The presence of angular momentum transport associated with an accretion process in an axisymmetric differentially rotating structure affects the equilibrium configuration that this can take and can introduce a toroidal Lorentz force with the associated poloidal current densities. All three components (vertical, radial and toroidal) of the total momentum conservation equation are considered. A sequence of ring solutions can be found by making use of the inequalities vNJvelocity, cs is the sound velocity and vNJ is a velocity related to the difference between the outward transport velocity of angular momentum transport and the inward accretion velocity. The outward angular momentum transport is considered as resulting from processes involving smaller scale lengths than those characterizing the described equilibrium configurations. *Sponsored in part by the U.S. DOE. B. Coppi and F. Rousseau Ap. J. 641 (1), 458 (2006)

  17. Slip velocity and velocity inversion in a cylindrical Couette flow.

    PubMed

    Kim, Sangrak

    2009-03-01

    Velocity inversion in a nanoscale cylindrical Couette flow is investigated with the Navier-Stokes (NS) equation and molecular-dynamics (MD) simulation. With general slip boundary conditions in the NS equation, the flow can be classified into five distinct profiles. The condition of velocity inversion is explored in the whole space of four dimensionless variables of beta , slip velocity ratio u('), radius ratio a('), and angular velocity ratio omega('). MD computer simulations are performed to estimate the constitutive coefficient of the slip velocities at the walls. The flow is generated by a rotating inner wall and a stationary outer wall in conformity with the theoretical result. By varying an attraction parameter in the Lennard-Jones potential, the slip velocities can be easily controlled. The theoretical predictions are compared with the simulation results. We find that in the intermediate range of the attraction parameter the two results are quite comparable to some extent, but at both extreme values of the attraction parameter, they are quite different.

  18. MBL Experiment in Angular Momentum

    NASA Astrophysics Data System (ADS)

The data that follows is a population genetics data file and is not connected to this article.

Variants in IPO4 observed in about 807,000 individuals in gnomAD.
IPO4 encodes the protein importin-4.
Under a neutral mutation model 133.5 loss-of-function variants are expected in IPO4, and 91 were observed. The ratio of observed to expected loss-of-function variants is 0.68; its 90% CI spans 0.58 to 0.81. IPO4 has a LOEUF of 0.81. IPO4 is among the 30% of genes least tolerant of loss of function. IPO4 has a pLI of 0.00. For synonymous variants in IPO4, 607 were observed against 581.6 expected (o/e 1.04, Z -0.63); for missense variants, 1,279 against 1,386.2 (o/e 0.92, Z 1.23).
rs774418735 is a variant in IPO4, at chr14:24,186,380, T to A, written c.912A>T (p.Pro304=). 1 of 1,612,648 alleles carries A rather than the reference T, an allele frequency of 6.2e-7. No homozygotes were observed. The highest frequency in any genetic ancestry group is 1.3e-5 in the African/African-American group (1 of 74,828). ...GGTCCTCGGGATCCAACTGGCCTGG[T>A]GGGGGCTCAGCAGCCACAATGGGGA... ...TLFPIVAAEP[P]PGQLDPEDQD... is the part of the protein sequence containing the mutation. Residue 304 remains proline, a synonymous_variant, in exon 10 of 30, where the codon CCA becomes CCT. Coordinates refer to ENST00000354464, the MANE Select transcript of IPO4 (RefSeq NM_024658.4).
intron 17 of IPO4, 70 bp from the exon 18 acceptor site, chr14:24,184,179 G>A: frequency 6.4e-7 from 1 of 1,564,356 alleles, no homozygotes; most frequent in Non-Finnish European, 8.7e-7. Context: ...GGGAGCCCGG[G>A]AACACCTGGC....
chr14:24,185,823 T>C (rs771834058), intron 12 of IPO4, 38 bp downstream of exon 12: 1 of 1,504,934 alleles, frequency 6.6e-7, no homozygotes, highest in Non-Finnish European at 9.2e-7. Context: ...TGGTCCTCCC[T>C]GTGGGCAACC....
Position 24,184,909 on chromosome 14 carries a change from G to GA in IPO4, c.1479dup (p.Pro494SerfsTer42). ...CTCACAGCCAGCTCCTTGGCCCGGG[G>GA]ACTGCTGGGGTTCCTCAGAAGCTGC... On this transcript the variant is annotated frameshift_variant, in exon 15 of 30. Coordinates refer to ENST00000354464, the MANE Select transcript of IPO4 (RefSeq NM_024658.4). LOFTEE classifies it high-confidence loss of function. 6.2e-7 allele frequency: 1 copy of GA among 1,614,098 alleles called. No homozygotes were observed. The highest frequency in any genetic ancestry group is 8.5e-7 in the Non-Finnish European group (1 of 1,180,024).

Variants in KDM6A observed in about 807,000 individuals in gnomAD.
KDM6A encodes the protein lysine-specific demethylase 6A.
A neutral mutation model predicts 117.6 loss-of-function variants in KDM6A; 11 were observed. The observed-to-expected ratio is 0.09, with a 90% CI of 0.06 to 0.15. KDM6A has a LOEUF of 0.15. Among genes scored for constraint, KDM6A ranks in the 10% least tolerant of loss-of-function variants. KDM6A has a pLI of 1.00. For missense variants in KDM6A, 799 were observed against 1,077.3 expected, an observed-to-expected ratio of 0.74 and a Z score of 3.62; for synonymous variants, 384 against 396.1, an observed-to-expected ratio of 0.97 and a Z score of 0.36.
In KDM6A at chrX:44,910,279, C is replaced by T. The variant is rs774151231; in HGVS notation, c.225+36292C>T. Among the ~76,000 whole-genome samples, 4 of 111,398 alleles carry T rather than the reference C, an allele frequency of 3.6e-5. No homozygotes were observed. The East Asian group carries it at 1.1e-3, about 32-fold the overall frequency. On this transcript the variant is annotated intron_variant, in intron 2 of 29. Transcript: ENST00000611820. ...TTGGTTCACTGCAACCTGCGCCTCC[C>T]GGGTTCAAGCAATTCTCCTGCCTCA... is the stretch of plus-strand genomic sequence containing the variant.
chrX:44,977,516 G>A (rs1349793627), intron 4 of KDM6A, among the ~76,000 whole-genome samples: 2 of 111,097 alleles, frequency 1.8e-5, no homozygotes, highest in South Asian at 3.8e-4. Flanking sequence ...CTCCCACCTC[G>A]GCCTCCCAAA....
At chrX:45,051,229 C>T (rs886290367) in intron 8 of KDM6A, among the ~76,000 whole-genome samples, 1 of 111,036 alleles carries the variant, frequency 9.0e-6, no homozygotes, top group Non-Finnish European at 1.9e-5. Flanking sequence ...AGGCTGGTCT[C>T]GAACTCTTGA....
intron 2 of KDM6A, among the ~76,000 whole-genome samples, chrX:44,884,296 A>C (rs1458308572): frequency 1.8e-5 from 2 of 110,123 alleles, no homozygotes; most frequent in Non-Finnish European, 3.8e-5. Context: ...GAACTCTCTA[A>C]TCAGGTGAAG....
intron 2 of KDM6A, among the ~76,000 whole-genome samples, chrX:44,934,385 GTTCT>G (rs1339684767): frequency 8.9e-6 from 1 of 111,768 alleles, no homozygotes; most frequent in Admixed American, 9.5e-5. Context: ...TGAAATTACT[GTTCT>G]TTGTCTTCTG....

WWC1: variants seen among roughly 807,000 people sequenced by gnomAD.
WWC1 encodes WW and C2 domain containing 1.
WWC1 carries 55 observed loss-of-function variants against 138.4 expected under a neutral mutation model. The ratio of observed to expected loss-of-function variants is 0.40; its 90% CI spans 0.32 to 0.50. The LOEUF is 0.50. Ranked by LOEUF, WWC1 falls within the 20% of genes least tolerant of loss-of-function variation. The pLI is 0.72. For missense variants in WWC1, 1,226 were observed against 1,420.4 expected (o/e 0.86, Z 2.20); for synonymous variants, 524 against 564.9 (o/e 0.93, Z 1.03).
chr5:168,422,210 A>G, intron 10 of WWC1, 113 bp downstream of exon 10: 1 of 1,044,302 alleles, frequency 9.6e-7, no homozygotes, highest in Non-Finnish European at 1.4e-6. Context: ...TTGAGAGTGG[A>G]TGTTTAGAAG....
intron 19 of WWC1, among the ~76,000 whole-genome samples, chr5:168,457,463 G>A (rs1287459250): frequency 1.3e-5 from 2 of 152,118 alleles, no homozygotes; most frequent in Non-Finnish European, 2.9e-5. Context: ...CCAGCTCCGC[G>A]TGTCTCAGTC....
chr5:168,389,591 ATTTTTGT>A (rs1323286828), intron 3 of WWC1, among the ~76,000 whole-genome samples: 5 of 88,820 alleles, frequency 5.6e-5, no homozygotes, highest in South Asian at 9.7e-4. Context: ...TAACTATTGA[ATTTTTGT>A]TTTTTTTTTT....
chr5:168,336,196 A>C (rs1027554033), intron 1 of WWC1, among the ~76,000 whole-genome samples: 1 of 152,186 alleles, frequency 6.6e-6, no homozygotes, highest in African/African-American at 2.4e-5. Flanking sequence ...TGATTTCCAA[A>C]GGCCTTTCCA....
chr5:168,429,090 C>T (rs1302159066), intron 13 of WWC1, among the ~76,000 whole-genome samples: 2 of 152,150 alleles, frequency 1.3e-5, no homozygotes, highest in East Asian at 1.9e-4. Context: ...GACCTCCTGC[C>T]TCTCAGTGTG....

Gluck, Paul

    2002-04-01

    Among the series of beautiful take-home experiments designed by A.P. French and J.G. King for MIT students, the one on angular momentum studies the loss and conservation of angular momentum using a small dc motor as generator. Here we describe a version of the experiment that increases its accuracy, enables students to perform detailed rotational dynamics calculations, and sharpens the ability to isolate the region where the collision occurs.

  19. First Results from a Forward, 3-Dimensional Regional Model of a Transpressional San Andreas Fault System

    NASA Astrophysics Data System (ADS)

    Fitzenz, D. D.; Miller, S. A.

    2001-12-01

    We present preliminary results from a 3-dimensional fault interaction model, with the fault system specified by the geometry and tectonics of the San Andreas Fault (SAF) system. We use the forward model for earthquake generation on interacting faults of Fitzenz and Miller [2001] that incorporates the analytical solutions of Okada [85,92], GPS-constrained tectonic loading, creep compaction and frictional dilatancy [Sleep and Blanpied, 1994, Sleep, 1995], and undrained poro-elasticity. The model fault system is centered at the Big Bend, and includes three large strike-slip faults (each discretized into multiple subfaults); 1) a 300km, right-lateral segment of the SAF to the North, 2) a 200km-long left-lateral segment of the Garlock fault to the East, and 3) a 100km-long right-lateral segment of the SAF to the South. In the initial configuration, three shallow-dipping faults are also included that correspond to the thrust belt sub-parallel to the SAF. Tectonic loading is decomposed into basal shear drag parallel to the plate boundary with a 35mm yr-1 plate velocity, and East-West compression approximated by a vertical dislocation surface applied at the far-field boundary resulting in fault-normal compression rates in the model space about 4mm yr-1. Our aim is to study the long-term seismicity characteristics, tectonic evolution, and fault interaction of this system. We find that overpressured faults through creep compaction are a necessary consequence of the tectonic loading, specifically where high normal stress acts on long straight fault segments. The optimal orientation of thrust faults is a function of the strike-slip behavior, and therefore results in a complex stress state in the elastic body. This stress state is then used to generate new fault surfaces, and preliminary results of dynamically generated faults will also be presented. Our long-term aim is to target measurable properties in or around fault zones, (e.g. pore pressures, hydrofractures, seismicity